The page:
• combating a cultural and religious climate that fostered acceptable prejudice against GLBT people in the state; and
• strengthening the involvement of the state’s diverse GLBT populations as stakeholders in their communities.
To do this important work, two organizations were created: SC Equality Coalition, Inc., a 501(c)(4) political organization focused on social justice and legislation, and SC Equality Coalition Foundation, Inc., a 501(c)(3) charitable and educational non-profit.
The work of these two partner organizations was based on the following organizational strategies:
• Historically the GLBT community had accepted less than full equality, often accepting small, token advancements. SC Equality was committed to operate from a position of strength, demanding full equality.
• SC Equality would provide the leadership to establish broad coalitions with GLBT and allied groups, acknowledging that long-term progress in the state was tied to collaborative ventures.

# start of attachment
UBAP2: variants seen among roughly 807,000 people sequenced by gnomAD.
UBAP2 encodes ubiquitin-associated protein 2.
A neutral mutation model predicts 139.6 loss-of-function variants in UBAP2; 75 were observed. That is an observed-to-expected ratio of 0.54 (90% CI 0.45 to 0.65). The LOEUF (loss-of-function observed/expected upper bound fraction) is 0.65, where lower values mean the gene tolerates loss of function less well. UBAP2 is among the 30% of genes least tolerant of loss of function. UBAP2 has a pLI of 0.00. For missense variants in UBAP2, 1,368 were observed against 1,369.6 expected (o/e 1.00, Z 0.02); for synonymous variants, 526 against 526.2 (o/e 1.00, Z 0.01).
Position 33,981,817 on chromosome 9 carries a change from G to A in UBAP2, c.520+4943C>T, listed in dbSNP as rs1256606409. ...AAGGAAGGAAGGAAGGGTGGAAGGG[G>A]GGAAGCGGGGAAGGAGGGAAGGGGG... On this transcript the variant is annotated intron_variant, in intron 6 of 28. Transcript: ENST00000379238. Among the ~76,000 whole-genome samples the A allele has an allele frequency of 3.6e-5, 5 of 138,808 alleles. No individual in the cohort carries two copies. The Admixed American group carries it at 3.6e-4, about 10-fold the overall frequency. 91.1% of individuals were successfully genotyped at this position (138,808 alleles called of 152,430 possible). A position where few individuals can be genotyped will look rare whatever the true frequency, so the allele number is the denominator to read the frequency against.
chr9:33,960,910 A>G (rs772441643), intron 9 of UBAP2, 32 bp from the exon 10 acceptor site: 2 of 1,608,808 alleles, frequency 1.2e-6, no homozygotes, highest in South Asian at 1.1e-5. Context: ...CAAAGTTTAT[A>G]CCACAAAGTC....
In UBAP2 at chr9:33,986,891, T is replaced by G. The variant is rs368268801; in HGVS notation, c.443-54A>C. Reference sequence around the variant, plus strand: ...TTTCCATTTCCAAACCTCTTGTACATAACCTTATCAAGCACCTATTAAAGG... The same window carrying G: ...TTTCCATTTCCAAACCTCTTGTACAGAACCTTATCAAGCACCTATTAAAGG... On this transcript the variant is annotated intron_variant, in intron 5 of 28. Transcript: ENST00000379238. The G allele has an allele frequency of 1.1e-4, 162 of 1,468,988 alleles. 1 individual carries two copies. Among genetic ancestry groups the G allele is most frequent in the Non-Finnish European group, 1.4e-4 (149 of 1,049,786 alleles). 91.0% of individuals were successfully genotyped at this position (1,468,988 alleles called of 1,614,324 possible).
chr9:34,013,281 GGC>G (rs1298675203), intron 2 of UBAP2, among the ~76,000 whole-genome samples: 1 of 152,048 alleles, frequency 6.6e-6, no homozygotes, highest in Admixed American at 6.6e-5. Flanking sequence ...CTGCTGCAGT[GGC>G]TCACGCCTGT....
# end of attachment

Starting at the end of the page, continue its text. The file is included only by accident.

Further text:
• SC Equality would invest significant resources in message development, understanding that communicating effectively with South Carolinians was a critical component of the advancement of civil rights.
• SC Equality would recognize that targeted, local victories were necessary before broad, statewide advances would be enjoyed.
• SC Equality would advance proactive, positive legislation and policies rather than operate defensively and reactively.